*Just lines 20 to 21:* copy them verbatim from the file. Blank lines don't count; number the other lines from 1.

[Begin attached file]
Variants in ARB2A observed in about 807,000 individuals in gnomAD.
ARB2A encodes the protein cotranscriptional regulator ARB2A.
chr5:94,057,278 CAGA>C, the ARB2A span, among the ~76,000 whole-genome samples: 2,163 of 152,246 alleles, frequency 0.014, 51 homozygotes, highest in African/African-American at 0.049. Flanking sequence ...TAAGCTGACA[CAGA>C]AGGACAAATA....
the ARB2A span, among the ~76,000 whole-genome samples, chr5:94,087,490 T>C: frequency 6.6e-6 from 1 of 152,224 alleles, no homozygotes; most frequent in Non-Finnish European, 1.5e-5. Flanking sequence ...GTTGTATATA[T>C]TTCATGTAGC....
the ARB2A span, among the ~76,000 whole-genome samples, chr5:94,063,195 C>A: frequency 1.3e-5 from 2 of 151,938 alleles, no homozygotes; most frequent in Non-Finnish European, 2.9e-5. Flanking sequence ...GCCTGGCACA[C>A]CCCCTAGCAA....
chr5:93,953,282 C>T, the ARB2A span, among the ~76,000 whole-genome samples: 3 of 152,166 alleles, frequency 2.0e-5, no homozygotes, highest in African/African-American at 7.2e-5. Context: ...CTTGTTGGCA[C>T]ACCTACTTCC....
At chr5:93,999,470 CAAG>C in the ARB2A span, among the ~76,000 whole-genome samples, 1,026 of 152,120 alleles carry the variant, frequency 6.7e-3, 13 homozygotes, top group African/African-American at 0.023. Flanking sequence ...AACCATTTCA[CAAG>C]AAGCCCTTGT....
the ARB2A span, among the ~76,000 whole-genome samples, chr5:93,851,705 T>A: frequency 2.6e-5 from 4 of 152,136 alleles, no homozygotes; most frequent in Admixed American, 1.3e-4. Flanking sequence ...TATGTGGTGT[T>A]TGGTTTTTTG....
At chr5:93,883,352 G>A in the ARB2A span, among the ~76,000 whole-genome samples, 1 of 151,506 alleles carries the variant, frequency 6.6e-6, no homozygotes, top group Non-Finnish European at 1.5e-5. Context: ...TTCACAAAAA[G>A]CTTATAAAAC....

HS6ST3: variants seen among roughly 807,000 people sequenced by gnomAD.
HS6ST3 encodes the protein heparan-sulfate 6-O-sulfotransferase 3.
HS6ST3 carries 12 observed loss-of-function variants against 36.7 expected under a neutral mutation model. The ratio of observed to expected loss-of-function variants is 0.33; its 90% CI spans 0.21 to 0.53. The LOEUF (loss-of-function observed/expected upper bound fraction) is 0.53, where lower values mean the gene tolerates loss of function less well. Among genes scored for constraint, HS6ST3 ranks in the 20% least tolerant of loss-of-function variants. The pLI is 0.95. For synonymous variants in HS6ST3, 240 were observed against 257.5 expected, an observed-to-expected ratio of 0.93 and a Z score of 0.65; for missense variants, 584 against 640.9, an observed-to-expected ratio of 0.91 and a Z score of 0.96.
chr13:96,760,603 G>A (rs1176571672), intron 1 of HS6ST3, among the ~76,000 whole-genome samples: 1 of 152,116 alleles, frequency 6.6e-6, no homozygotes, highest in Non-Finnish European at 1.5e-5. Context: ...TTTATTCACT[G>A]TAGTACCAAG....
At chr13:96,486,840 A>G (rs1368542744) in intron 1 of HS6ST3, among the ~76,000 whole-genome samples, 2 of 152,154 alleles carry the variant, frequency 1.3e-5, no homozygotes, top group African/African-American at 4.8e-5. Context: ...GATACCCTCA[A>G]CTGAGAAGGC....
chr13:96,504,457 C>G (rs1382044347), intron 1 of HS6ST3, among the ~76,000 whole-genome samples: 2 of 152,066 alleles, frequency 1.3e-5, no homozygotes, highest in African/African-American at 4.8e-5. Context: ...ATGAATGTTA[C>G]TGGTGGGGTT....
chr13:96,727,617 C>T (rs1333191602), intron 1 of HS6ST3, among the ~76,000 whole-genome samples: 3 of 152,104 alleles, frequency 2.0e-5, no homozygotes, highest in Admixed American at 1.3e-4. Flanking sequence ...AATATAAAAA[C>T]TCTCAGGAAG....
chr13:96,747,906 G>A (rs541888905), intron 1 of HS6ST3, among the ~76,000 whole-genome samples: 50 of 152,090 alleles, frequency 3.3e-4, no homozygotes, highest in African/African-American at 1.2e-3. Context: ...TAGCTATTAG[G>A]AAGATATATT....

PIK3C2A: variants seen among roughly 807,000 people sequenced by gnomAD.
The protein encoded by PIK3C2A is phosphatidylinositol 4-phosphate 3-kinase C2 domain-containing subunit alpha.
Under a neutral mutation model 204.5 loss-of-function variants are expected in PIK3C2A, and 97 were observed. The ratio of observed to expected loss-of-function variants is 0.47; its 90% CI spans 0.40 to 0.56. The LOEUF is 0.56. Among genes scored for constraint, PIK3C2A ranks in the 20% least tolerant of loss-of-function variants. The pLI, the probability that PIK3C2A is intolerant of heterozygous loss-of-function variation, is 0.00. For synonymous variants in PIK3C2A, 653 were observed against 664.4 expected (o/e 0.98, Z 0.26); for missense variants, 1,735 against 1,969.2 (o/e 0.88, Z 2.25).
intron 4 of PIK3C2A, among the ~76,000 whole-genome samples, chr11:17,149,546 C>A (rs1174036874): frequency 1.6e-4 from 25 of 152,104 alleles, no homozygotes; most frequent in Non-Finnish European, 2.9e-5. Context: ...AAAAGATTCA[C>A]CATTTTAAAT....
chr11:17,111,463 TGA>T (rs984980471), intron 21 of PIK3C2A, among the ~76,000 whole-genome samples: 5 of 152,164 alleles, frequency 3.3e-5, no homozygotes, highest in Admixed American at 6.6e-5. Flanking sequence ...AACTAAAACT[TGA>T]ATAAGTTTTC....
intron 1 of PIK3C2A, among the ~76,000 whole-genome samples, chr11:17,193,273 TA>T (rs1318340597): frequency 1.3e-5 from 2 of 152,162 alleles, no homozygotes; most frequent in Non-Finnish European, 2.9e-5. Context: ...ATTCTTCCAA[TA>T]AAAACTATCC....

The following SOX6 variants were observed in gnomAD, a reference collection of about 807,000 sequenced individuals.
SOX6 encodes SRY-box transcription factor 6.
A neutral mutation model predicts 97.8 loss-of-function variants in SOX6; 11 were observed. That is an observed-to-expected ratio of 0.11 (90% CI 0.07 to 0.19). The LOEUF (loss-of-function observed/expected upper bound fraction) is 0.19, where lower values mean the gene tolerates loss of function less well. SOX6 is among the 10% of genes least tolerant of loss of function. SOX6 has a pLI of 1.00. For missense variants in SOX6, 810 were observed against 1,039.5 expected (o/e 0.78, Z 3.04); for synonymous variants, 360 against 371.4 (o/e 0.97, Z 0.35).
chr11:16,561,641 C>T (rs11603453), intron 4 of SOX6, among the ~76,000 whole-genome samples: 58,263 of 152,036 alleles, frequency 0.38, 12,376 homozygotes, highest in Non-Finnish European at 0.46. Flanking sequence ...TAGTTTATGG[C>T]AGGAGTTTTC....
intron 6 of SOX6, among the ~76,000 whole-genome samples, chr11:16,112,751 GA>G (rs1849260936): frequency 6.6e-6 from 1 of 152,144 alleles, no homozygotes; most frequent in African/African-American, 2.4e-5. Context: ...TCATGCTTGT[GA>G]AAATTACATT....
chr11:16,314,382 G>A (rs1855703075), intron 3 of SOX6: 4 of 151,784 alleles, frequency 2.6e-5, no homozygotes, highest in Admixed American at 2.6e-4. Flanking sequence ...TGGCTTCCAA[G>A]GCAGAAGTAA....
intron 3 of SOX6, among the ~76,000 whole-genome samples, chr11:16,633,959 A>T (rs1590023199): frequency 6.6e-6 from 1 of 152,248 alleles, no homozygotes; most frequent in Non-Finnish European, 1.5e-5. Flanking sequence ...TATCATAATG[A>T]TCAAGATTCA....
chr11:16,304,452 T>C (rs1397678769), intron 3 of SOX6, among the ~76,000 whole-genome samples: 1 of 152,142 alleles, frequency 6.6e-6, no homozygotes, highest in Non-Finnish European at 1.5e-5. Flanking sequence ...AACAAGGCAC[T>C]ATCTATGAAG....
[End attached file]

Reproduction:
Under a neutral mutation model 204.5 loss-of-function variants are expected in PIK3C2A, and 97 were observed. The ratio of observed to expected loss-of-function variants is 0.47; its 90% CI spans 0.40 to 0.56. The LOEUF is 0.56. Among genes scored for constraint, PIK3C2A ranks in the 20% least tolerant of loss-of-function variants. The pLI, the probability that PIK3C2A is intolerant of heterozygous loss-of-function variation, is 0.00. For synonymous variants in PIK3C2A, 653 were observed against 664.4 expected (o/e 0.98, Z 0.26); for missense variants, 1,735 against 1,969.2 (o/e 0.88, Z 2.25).
intron 4 of PIK3C2A, among the ~76,000 whole-genome samples, chr11:17,149,546 C>A (rs1174036874): frequency 1.6e-4 from 25 of 152,104 alleles, no homozygotes; most frequent in Non-Finnish European, 2.9e-5. Context: ...AAAAGATTCA[C>A]CATTTTAAAT....